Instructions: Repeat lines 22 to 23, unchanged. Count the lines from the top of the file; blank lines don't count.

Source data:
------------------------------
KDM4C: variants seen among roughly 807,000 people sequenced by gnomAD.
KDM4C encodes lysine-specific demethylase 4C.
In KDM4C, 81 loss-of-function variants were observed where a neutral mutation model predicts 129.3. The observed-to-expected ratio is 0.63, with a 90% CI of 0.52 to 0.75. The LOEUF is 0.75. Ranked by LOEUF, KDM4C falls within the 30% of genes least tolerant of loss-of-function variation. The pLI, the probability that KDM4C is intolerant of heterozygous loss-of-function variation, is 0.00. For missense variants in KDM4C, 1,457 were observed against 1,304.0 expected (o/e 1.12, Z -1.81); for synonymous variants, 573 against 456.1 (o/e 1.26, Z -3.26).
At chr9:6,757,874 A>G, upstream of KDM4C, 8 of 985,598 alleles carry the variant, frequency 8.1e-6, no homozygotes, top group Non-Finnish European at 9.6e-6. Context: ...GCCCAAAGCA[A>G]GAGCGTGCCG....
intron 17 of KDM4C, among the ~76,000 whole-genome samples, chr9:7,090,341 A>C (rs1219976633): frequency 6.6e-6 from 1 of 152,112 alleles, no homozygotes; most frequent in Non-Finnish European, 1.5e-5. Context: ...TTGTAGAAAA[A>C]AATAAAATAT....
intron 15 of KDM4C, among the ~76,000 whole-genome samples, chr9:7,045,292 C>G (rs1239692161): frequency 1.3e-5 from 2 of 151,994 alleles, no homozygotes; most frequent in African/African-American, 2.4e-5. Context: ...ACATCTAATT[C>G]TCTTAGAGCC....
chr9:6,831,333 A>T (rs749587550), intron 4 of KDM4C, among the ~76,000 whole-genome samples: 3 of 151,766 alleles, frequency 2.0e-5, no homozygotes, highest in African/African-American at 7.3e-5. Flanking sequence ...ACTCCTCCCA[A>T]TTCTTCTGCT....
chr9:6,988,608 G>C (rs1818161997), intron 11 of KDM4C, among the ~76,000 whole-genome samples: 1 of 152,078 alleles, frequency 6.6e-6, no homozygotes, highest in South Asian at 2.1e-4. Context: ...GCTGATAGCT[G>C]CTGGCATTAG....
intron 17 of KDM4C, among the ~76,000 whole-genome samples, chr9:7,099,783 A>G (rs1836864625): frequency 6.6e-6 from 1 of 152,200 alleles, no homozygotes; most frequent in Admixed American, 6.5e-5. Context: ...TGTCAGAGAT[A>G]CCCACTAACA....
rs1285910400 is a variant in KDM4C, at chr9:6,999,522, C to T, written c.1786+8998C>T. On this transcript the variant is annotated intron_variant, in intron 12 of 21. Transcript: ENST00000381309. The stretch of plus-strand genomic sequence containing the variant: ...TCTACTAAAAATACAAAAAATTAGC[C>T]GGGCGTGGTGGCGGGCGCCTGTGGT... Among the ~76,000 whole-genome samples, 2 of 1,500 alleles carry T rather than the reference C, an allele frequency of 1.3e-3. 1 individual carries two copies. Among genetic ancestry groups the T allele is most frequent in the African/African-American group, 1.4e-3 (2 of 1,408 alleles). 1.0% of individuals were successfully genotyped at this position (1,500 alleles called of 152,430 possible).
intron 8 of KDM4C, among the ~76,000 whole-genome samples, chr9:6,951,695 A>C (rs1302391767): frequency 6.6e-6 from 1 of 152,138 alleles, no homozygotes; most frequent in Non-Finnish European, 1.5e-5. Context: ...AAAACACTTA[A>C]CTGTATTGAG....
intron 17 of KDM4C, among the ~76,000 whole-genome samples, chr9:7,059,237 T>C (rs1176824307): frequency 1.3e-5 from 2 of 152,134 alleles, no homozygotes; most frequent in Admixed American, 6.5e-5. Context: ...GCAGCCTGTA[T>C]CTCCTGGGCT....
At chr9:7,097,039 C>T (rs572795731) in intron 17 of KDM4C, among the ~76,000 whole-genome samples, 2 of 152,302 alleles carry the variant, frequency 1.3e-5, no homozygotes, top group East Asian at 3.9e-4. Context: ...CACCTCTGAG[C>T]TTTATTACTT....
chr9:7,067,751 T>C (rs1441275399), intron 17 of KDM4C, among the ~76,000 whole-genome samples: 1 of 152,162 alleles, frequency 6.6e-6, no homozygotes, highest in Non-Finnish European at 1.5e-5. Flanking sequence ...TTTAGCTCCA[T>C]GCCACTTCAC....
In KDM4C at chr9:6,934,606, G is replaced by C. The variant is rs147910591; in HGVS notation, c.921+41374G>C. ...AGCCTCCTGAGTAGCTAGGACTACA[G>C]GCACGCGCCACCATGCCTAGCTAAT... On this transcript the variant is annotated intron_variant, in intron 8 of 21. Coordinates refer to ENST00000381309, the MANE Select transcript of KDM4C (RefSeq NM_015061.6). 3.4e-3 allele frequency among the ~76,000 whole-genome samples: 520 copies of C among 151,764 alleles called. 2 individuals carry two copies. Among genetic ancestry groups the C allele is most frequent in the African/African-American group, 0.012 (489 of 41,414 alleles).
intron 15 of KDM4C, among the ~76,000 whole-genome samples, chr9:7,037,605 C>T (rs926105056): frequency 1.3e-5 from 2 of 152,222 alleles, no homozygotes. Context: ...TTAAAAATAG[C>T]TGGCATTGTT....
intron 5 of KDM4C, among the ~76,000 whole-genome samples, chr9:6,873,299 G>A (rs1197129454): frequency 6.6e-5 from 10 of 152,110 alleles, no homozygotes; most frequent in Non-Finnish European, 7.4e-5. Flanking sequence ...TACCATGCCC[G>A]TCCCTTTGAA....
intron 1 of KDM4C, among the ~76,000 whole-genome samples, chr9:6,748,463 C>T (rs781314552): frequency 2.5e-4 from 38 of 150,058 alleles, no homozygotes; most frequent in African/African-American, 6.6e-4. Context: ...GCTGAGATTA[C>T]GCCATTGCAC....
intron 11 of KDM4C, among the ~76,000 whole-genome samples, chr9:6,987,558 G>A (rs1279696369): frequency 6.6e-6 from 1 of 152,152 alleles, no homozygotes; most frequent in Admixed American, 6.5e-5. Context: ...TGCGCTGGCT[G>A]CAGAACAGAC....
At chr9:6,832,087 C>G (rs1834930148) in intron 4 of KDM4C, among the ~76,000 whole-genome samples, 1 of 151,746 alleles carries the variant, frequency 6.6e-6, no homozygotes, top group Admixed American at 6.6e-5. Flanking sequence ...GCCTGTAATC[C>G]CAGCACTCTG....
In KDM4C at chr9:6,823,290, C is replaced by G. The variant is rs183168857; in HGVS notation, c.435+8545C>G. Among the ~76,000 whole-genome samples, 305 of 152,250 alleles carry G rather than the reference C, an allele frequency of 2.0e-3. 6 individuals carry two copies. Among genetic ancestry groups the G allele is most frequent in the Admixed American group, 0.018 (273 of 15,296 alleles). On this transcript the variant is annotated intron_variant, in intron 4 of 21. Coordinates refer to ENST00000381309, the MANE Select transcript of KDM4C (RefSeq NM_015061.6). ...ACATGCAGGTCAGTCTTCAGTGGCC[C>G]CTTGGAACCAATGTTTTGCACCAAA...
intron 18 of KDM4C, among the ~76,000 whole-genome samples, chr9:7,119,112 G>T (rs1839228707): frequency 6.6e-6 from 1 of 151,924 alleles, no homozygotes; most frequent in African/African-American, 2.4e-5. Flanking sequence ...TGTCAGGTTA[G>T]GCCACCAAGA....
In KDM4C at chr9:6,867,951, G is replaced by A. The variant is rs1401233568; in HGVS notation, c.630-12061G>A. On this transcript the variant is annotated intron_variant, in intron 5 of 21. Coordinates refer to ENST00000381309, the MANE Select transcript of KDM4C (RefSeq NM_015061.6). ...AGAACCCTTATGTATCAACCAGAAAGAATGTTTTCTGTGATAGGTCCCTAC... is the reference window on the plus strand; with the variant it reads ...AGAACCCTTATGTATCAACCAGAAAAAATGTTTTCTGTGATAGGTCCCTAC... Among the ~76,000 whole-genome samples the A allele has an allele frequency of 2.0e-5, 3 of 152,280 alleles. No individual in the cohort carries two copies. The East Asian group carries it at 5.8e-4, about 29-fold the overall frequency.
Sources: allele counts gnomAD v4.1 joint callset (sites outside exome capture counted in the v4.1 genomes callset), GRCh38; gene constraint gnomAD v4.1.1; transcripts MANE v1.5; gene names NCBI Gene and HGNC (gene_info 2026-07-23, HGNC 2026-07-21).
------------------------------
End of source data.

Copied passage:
intron 18 of KDM4C, among the ~76,000 whole-genome samples, chr9:7,119,112 G>T (rs1839228707): frequency 6.6e-6 from 1 of 151,924 alleles, no homozygotes; most frequent in African/African-American, 2.4e-5. Flanking sequence ...TGTCAGGTTA[G>T]GCCACCAAGA....
In KDM4C at chr9:6,867,951, G is replaced by A. The variant is rs1401233568; in HGVS notation, c.630-12061G>A. On this transcript the variant is annotated intron_variant, in intron 5 of 21. Coordinates refer to ENST00000381309, the MANE Select transcript of KDM4C (RefSeq NM_015061.6). ...AGAACCCTTATGTATCAACCAGAAAGAATGTTTTCTGTGATAGGTCCCTAC... is the reference window on the plus strand; with the variant it reads ...AGAACCCTTATGTATCAACCAGAAAAAATGTTTTCTGTGATAGGTCCCTAC... Among the ~76,000 whole-genome samples the A allele has an allele frequency of 2.0e-5, 3 of 152,280 alleles. No individual in the cohort carries two copies. The East Asian group carries it at 5.8e-4, about 29-fold the overall frequency.